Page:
The invention relates to a light-absorbing contact lens and process for preparing same. A contact lens is tinted with colorants which provide desired spectral transmittance characteristics over the tinted portion of the lens. The contact lens provides transmittance of incident radiation having a wavelength from 500 to 700 nm which is variable and wavelength-dependent. The lens of this invention also preferably filters out ultraviolet and blue light (wavelengths from 200 to about 500 nm). Various transmittance patterns for wavelengths from 500 to 700 nm are obtainable by appropriate choice of colorant combinations; the transmittance curve in this region and the colorants to achieve the desired transmittance characteristics are chosen to fill particular needs of a wearer as for example limiting transmittance of visible light in high intensity light environments. Lenses according to the invention may provide unique benefits for use with particular applications such as sporting activities, recreational activities, or the like. Both hard and soft contact lenses are disclosed, and various examples of specialized lenses for particular applications are disclosed.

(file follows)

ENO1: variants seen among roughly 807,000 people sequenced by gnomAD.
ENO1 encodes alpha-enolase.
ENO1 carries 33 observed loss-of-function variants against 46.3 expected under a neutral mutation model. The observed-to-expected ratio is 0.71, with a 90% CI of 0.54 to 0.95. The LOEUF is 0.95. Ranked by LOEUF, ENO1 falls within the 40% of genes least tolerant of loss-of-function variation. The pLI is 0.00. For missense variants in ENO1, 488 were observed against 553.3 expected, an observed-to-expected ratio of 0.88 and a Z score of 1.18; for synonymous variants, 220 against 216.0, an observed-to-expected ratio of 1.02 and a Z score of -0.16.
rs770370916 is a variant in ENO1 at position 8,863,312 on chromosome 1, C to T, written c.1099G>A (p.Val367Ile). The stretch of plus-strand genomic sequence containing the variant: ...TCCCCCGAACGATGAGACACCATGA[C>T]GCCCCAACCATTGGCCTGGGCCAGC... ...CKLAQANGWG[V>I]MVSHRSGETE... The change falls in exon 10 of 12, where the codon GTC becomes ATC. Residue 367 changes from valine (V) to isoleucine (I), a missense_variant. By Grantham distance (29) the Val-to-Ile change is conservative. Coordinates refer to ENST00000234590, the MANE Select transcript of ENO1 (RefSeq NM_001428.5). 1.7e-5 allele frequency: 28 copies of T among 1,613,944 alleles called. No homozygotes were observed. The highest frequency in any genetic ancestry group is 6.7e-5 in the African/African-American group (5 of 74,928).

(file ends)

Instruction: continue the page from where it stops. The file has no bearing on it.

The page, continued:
A contact lens has at least one optical filter region that can be surrounded by a clear optical region. The one or more filter regions have a diameter such that an increasing percentage of visible light is transmitted to the pupil of the eye as lighting conditions change from high-intensity lighting environments to low-intensity lighting environments. The cooperation between the changing pupil and lens provides an automatic adjustment of light intensity perceived by the wearer in response to the changing light conditions. Different filtering characteristics are provided in the filter regions to enhance perception of light corresponding to light reflected by an object or background scene used in outdoor sporting and recreational activities, while attenuating other reflected light.